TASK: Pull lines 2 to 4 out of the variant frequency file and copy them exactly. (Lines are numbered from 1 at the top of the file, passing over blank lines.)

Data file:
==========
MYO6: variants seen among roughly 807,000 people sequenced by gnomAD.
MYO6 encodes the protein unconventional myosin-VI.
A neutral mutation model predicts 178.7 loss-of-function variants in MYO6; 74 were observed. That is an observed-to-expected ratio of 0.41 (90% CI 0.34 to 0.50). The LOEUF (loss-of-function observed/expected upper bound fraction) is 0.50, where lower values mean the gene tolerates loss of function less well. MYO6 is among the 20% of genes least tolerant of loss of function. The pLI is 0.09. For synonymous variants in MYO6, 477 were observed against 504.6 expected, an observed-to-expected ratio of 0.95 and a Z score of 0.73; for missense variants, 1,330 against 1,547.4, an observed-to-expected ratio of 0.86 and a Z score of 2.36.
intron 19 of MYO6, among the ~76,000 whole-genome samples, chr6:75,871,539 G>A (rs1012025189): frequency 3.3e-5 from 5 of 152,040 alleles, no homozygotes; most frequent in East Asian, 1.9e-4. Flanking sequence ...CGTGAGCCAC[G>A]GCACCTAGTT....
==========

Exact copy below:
MYO6 encodes the protein unconventional myosin-VI.
A neutral mutation model predicts 178.7 loss-of-function variants in MYO6; 74 were observed. That is an observed-to-expected ratio of 0.41 (90% CI 0.34 to 0.50). The LOEUF (loss-of-function observed/expected upper bound fraction) is 0.50, where lower values mean the gene tolerates loss of function less well. MYO6 is among the 20% of genes least tolerant of loss of function. The pLI is 0.09. For synonymous variants in MYO6, 477 were observed against 504.6 expected, an observed-to-expected ratio of 0.95 and a Z score of 0.73; for missense variants, 1,330 against 1,547.4, an observed-to-expected ratio of 0.86 and a Z score of 2.36.
intron 19 of MYO6, among the ~76,000 whole-genome samples, chr6:75,871,539 G>A (rs1012025189): frequency 3.3e-5 from 5 of 152,040 alleles, no homozygotes; most frequent in East Asian, 1.9e-4. Flanking sequence ...CGTGAGCCAC[G>A]GCACCTAGTT....